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No scrabbling ahead, no salt or pepper until the end, off the heat half the time... Crazy talk.

Eggs.  Butter.  I use a bit of EVOO in the pan in advance, and that is all.

Were I not on a train about to be served a meal, I would make some now for dinner.

Today is "catching breath" day. 

Yesterday was a house party with a bizarre diverse (...no, bizarre may be more accurate) crowd of family, neighbours, friends, friends of friends....  Feeding was all finger foods: wings, ribs, salamis/cheeses, air-fried crusted cheese sticks, etc, etc... plus 4 flavours of hot sauces.  Popular were the Greek and Moroccan-flavoured devilled eggs, and the beef & blue cheese stuffed/bacon-wrapped mushrooms.  Some  whiney people thought that the vegan sushi had too much wasabi.  pffft  wusses  Serves them right for not being meat-eaters.

The gathering included some extra folks for breakfast, having decided that they had been 'overserved' (notwithstanding I served everyone's first drink, then pointed to the beer coolers, wine fridge, liquor shelf after that);  the spare bedrooms were used to good purpose.    ;)

The turkey is currently thawing in preparation for tomorrow's dinner... which will be spatchcocked and BBQ'd  (if only because my inner adolescent likes saying "spatchcock."  ;D
Journeyman said:
The turkey is currently thawing in preparation for tomorrow's dinner... which will be spatchcocked and BBQ'd  (if only because my inner adolescent likes saying "spatchcock."  ;D

There are two ways to cook a turkey: Spatchcock, and wrong.
tomahawk6 said:
Have a Great Christmas and don't overeat.  :snowman:

Your warning came too late! Ham. Mmmmmh.

Merry Christmas to you and yours.

Journeyman said:
The turkey ... spatchcocked and BBQ'd 
After splitting the turkey, I brined with water/kosher salt for about 3 hours. I then added a few pats of butter between the skin and breasts, and coated the whole thing in olive oil.  BBQ'ing took only 90 minutes, checking with meat thermometer after 1 hr. 
Delicious, moist, tender, with crispy skin.  I now have a favourite turkey recipe! 

Note that you have to acquire fat drippings for gravy another way, since there's no roasting pan.  I gathered the bits that normally get boiled into soup stock afterwards  (neck, spine [that was removed when splitting], any trimmed skin...) and added the wings (not generally eaten b/c there's so much meat available on the bird).  I threw them into the hot air fryer.  The fat that collected in the bottom of the fryer provided enough base for gravy for three of us non-vegans (yes, the extended household has some of those  weirdos). If I had to make more and didn't want to use store-bought powder, I'd likely try a mixture of butter and olive oil.*

* Yes, I read somewhere about fat clogging arteries.... so I rely on the self-delusion of "red wine cures all."  ;D
Sounds tasty. One friend I know coats the turkey in mayo but it stays moist and I don't use mayo even on a sandwhich,and I thought I wouldn't like it but I loved the end result.
Our solution for a moist turkey is to buy nothing but Butterballs. Nothing fancy after that just a few pats of butter on the outside.

We use butter and poultry seasoning and "massage" the bird.  We add 4 cups of chicken stock, some carrots, celery and onions, and baste every 30 mins for however long the bird needs to be roasted.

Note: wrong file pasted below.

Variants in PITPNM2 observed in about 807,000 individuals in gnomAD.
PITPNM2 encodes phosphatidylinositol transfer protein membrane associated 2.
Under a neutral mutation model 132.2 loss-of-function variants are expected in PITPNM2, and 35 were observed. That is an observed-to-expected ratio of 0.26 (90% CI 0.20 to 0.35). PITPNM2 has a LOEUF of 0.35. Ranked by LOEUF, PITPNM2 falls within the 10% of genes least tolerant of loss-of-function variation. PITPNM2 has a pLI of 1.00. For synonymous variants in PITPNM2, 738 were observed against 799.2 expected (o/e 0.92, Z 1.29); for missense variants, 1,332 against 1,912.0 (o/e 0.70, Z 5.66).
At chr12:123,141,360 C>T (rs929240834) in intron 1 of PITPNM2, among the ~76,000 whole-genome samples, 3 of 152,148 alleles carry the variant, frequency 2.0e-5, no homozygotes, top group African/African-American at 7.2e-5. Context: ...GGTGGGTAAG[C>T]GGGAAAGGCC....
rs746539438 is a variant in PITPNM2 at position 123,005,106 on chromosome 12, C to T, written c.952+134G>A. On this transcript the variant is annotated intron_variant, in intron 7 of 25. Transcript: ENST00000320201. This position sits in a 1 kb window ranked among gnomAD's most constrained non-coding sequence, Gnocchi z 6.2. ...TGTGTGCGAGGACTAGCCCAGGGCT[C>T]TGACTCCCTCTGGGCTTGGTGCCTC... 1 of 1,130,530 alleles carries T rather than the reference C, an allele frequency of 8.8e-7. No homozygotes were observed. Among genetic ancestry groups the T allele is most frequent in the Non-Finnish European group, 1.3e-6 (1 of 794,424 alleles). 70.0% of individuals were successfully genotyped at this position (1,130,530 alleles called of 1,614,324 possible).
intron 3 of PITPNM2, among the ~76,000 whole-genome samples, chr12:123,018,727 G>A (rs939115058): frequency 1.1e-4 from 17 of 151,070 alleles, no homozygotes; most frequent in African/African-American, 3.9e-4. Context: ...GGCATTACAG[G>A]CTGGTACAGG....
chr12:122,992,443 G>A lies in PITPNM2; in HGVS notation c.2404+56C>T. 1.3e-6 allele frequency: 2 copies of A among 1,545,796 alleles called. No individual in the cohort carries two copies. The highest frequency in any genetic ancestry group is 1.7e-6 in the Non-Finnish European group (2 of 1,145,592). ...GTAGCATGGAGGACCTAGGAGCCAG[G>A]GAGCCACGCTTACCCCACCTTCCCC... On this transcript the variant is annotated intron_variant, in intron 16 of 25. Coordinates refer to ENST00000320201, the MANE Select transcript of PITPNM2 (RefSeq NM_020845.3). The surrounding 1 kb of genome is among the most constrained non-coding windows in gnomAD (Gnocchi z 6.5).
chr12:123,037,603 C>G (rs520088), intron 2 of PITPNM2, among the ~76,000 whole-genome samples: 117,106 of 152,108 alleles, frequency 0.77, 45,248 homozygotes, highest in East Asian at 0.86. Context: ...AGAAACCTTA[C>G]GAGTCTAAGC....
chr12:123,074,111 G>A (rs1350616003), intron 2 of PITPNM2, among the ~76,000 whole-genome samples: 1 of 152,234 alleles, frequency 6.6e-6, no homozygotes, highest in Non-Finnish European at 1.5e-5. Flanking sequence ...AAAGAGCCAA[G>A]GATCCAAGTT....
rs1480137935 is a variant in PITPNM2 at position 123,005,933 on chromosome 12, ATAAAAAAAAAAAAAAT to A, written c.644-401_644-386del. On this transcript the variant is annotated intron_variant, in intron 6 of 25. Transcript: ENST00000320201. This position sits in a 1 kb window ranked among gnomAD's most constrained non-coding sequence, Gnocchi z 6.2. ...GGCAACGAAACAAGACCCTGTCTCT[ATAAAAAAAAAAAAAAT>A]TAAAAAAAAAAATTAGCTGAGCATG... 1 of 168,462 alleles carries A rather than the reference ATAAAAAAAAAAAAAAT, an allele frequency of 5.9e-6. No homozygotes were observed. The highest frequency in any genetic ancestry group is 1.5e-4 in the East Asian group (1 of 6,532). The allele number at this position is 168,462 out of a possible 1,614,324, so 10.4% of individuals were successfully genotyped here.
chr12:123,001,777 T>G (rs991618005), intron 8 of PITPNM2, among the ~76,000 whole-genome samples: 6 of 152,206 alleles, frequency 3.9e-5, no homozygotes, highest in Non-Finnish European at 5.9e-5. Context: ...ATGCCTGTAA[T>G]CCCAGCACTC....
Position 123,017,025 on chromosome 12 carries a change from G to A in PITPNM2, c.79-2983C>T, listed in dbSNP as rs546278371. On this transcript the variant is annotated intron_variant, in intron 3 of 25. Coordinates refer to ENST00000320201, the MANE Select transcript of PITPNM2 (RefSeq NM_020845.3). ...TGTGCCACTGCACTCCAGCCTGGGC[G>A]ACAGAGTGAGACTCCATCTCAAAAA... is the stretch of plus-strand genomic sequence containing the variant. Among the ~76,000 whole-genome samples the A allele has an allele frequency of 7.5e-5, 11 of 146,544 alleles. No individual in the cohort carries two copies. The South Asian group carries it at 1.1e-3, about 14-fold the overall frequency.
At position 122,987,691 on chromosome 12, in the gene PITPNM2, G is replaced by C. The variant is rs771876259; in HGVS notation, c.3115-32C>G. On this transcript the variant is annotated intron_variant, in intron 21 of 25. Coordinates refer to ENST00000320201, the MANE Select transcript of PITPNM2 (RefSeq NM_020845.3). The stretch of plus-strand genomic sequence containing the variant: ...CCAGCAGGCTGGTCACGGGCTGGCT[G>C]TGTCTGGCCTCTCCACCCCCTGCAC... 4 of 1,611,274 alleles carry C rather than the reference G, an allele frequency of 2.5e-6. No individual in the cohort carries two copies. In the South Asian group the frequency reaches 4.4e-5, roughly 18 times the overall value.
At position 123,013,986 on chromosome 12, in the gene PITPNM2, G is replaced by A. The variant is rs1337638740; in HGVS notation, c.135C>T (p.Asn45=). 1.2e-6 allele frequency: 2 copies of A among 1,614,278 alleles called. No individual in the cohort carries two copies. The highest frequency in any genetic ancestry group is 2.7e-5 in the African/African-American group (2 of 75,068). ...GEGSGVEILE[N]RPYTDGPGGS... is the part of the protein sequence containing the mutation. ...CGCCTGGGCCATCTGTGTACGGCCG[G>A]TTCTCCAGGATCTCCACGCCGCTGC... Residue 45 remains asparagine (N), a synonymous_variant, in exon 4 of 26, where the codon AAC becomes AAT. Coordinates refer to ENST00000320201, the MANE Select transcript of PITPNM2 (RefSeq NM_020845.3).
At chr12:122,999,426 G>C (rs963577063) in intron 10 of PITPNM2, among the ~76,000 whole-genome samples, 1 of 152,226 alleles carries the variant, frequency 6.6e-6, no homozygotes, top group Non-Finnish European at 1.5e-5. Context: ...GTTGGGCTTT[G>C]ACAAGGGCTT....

It's turned out pretty well so far.
Vermilion Snapper is delightful. Grilled over medium heat with salt, pepper, parsley and a little lemon.
Bit of a necropost, but starting to look forward to the summer bbq season, and figured I'd share this.

Picked up the Food Lab cookbook for Xmas, and it's been a huge win for great recipes.  So pretty confident that this should work (once the temps get above 25 and sunny).

Cook Your Meat in a Beer Cooler: The World's Best (and Cheapest) Sous Vide Hack

[...]Here's how it works: A beer cooler is designed to keep things cool. It accomplishes this with a two-walled plastic chamber with an air space in between. This airspace acts as an insulator, preventing thermal energy (a.k.a. heat) from the outside from reaching the cold food on the inside. Of course, insulators work both ways. Once you realize that a beer cooler is just as good at keeping hot things hot as it is at keeping cold things cold, then the rest is easy: Fill up your beer cooler with water just a couple degrees higher than the temperature you'd like to cook your food at (to account for temperature loss when you add cold food to it), seal your food in a plastic Ziplock bag*, drop it in, and close your beer cooler until your food is cooked. It's as simple as that.


He goes into a full breakdown on the site, and has a whole section on it in the cookbook.  For any science nerds, it's pretty great, because he goes through a bunch of tests with different temps, cooking times etc and compares the final output.

Going to pick up a charcoal grill as well to finish it off, so looking forward to some sweet BBQ!
This may be of interest to anyone aspiring to become a firefighter,

Firehouse Feasts: Building bonds and perfecting recipes around the station’s dinner table

Everyone we hire, during the on-boarding process, when I talk to them 1-on-1, I always ask, ‘Do you know how to cook?’ It’s one of my first questions.

"The paramedics are always out running. It’d be hard for them to try and shop and cook."

Not so much a recipe, but a link to a Youtube channel of recipes.

Tasting History is a channel where Max Miller describes how to make a certain dish, plus the historical (true or not) background behind it.  His channel started out with medieval European food, but has since branched out to classical (as in ones described in The Iliad and Apicius) Roman and Greek dishes as well as non-western dishes.


Edit to add:  There's also a subreddit - https://www.reddit.com/r/TastingHistory/